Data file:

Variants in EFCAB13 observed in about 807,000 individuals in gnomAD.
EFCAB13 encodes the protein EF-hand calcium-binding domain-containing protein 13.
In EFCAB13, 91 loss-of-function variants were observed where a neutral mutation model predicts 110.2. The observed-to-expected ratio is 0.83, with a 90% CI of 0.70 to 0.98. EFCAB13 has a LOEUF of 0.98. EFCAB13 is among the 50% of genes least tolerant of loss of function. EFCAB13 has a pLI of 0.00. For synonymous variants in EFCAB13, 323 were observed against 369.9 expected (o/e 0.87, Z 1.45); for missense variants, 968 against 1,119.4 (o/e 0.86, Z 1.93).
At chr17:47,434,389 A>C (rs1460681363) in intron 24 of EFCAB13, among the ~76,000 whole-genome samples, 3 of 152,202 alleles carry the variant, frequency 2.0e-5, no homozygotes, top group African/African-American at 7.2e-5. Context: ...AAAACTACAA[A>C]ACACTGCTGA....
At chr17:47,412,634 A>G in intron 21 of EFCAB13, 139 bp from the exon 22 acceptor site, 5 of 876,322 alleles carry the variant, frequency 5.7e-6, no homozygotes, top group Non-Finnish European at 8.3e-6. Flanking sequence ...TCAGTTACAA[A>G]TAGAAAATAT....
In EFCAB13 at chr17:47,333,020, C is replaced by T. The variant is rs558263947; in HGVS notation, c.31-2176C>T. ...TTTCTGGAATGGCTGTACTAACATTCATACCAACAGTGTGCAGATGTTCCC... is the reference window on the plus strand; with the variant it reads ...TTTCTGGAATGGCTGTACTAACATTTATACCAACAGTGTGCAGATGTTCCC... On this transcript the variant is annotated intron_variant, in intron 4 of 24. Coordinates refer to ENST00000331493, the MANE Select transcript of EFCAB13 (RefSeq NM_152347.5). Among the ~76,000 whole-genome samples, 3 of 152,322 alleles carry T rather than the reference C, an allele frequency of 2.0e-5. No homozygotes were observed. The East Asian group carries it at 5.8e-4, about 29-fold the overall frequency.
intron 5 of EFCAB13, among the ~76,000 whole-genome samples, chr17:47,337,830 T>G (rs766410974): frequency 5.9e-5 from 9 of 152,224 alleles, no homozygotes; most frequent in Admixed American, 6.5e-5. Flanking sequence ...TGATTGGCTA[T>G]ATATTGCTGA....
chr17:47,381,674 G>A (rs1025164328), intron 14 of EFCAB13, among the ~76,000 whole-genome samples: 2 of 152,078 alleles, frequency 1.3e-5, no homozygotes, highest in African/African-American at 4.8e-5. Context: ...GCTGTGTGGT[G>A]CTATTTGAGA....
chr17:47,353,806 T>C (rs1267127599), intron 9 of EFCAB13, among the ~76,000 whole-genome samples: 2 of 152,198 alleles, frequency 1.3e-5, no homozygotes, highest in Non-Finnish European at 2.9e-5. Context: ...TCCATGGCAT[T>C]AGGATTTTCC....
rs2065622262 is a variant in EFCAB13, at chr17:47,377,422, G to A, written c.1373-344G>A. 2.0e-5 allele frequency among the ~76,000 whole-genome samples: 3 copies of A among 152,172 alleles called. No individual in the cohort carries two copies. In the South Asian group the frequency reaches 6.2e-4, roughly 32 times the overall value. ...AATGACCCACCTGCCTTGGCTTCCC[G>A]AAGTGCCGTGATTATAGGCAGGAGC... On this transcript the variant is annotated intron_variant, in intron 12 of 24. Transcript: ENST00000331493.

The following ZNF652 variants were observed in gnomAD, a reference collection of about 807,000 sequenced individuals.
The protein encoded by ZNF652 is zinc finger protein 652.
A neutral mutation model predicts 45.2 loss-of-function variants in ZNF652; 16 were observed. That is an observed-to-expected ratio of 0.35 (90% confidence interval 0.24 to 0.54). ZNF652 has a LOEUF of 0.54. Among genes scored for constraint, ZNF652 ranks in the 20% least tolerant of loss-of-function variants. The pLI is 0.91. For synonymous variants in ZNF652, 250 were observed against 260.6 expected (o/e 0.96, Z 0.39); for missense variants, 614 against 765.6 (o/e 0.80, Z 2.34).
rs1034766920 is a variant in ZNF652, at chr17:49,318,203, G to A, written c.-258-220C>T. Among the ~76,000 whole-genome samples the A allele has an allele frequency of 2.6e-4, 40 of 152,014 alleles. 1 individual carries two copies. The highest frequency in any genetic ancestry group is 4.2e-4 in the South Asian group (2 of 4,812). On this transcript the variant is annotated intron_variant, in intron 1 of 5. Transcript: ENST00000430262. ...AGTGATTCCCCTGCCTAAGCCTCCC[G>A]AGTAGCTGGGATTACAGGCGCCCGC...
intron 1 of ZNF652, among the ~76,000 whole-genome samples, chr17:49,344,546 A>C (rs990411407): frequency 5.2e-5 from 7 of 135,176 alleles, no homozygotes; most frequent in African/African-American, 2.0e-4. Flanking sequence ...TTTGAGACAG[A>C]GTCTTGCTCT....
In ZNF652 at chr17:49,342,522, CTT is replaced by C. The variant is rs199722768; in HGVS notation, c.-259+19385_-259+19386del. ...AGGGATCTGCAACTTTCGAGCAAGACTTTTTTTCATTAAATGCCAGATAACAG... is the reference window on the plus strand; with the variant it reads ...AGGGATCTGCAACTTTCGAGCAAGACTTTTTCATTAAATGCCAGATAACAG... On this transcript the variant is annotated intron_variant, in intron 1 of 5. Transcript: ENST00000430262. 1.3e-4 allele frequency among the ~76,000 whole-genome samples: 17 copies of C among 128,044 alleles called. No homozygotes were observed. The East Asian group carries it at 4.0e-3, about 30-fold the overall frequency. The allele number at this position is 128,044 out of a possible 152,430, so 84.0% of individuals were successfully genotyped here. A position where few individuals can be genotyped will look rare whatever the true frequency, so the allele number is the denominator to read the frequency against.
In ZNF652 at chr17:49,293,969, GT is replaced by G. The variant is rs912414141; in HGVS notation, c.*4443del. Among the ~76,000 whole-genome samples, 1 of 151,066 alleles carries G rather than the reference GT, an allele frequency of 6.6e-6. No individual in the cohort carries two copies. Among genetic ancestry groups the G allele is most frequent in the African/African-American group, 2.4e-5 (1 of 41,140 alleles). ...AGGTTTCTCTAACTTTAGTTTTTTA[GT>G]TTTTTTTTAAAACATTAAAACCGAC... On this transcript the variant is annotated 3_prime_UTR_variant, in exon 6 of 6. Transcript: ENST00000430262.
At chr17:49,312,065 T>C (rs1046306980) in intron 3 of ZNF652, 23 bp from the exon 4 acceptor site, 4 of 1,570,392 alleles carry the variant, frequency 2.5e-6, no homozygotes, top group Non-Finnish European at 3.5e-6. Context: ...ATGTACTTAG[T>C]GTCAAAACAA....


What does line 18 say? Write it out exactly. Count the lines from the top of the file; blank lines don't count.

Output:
At chr17:49,312,065 T>C (rs1046306980) in intron 3 of ZNF652, 23 bp from the exon 4 acceptor site, 4 of 1,570,392 alleles carry the variant, frequency 2.5e-6, no homozygotes, top group Non-Finnish European at 3.5e-6. Context: ...ATGTACTTAG[T>C]GTCAAAACAA....